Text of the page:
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Gay For You

by Anthony Paull
Monday Jun 17, 2013
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I need to stop going to parties where people think Heineken is high-end beer. That’s how I met a 30-year-old ginger named Ron who’s confused about his sexuality. I know. I don’t have enough to deal with. Now, I have to contend with an ambiguous hetero who wants to know how often I clean my ass.

"Aw. You should be flattered," my friend Chuck says. "He wants you to teach him. It’s like having an apprentice.

"Really? And what does he get when he graduates. A career in anal?"

I know. I’m not supposed to talk about my ass in the column. But every time I try to change the topic, someone brings it back. It’s bad enough when it happens at the dinner table. But when I’m attending a social event? No. Just. No. There are rules to follow. Etiquette.

"Dude," Ron says. For the second time this month he finds me at a kegger for college students. Apparently, we’re buds. "Remember me?" He glows with a grin, his red hair matching his freckles.

"I wish I didn’t."

"I don’t want to bother you, but can I ask you a question?" He speaks before I reply. "Do you take it in the ass every night? That’s gotta hurt, right?" I gasp, choking down my beer. "Whoa man. My bad. Is that rude?"

"No. It’s normal for an opener. It goes hand-in-hand with ’hello, my name is’."

He eyes me with genuine naivety. "Sorry. I don’t mean to be a dick. I just don’t know what’s going on with me." He offers to fill my cup. "See, I’m straight, right? But I’ve been hanging out with this gay dude." He stalls, struggling to admit he’s been playing tongue hockey with the guy for the last month. It takes two more trips to the keg before the big reveal. "I want to take it to the next level, but I don’t know if I can do...." He points to his ass. "You know...that."

"Um. That’s not the only thing we do."

"I know. You blow each other too but...."

I groan. "Really?"

His gay love interest arrives, and he becomes jittery. "Shit. He’s here." We both turn to look, and the guy walks off in a huff. "He’s pissed because I told him I’m straight," Ron explains. "He doesn’t believe me."

"Why?"

"Because I had my hand on his dick when I said it."

"Wow. Just wow." I walk off, and he tries to explain himself.

"Look man. I like spending time with him. Seriously. I think about him when he’s not around. I want to lie in bed with him. Be next to him. It’s not about sex." He laughs. "Ooh, that sounds gay." He catches himself. "No offense."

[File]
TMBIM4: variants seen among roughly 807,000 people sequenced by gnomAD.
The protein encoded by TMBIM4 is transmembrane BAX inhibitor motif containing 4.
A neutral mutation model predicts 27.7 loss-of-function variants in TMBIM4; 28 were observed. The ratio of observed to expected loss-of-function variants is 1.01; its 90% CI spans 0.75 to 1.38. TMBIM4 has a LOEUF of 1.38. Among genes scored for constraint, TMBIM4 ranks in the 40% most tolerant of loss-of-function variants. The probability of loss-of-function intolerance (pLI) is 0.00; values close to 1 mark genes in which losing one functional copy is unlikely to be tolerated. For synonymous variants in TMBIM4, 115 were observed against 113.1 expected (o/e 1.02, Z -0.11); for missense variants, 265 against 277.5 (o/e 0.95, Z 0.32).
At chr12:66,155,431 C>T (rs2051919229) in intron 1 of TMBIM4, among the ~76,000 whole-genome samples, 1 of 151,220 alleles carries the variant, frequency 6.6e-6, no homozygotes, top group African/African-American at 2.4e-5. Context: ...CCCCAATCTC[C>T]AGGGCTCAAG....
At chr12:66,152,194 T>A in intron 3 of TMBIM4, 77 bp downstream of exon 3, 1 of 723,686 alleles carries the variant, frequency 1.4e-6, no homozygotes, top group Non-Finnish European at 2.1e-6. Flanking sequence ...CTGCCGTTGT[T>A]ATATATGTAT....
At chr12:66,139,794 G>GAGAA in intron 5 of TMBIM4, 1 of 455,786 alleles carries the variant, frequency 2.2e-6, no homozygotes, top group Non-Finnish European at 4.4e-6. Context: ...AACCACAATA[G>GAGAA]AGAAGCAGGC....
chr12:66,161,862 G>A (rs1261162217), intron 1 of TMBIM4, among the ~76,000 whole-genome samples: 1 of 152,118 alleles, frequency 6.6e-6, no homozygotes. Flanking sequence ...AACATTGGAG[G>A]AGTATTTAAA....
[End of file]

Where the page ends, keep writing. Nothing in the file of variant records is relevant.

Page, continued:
I stand on my tongue. "I really have to go."

"No. Wait," he says, his gay lover approaching. "Just chill. He’s coming. I don’t want this to be awkward."

"Too late," I say.

Ron makes introductions, trying to include me in the conversation while they begin to argue about who’s been avoiding whom. It seems Ron hasn’t been replying to text messages. Hurt, his guy eyes me like I’m the reason. To calm him, I make it clear that I have a boyfriend. I bring it up, over and over. Boyfriend. Boyfriend. Boyfriend.

"Yeah," Ron confirms. "And get this, they do more than bang each other in the ass."

I turn white, and his lover flushes, excusing himself.

"I thought you didn’t want this to be awkward," I say.

"What? I thought it would be a good icebreaker. So he and I could talk about, you know, our problem."

"Not in the middle of a party."

He smacks himself in the head. "Right. Damn. Stupid. I’m supposed to treat him like a girl."

My chest burns. "No, you’re supposed to treat him with respect." I mimic his behavior, smacking myself. "Oh. I forgot. You can’t like him. You’re straight."

I dodge Ron for the rest of the night, stepping outside to get a closer look at the indie band playing in the shed. From time to time, I see him smoking and playing with a stray dog. I tell myself to be nice; he’s struggling with a feeling that contradicts the way he defines himself. It’s not easy. He’s no different from my other friends caught up with labels. I’m Gay. Queer. Two-Spirited. I’m LGBTQ-RSTUVWXYZ. Some people don’t understand that, in the end, there are more important things that describe our character than whom we love. For Ron, loving a man doesn’t fit in the right box so he has to think outside of it, pondering how it shapes him as a man.

"Look. I’m sorry. Will you just listen?" he says, finding me as I leave. "I’m new to this."

"To what?" I ask. "You’ve never been in love?"

"Yeah, but not with a dude." He lingers, shaking his head. "I don’t know where to start."

"It’s easy. You admit it."

Anthony Paull’s debut novel Outtakes of A Walking Mistake was recently chosen as an NPR Finalist for Best Teen Novel Ever.

Comments

  • (null), 2013-07-01 15:48:58

    This was great, raised an excellent point.


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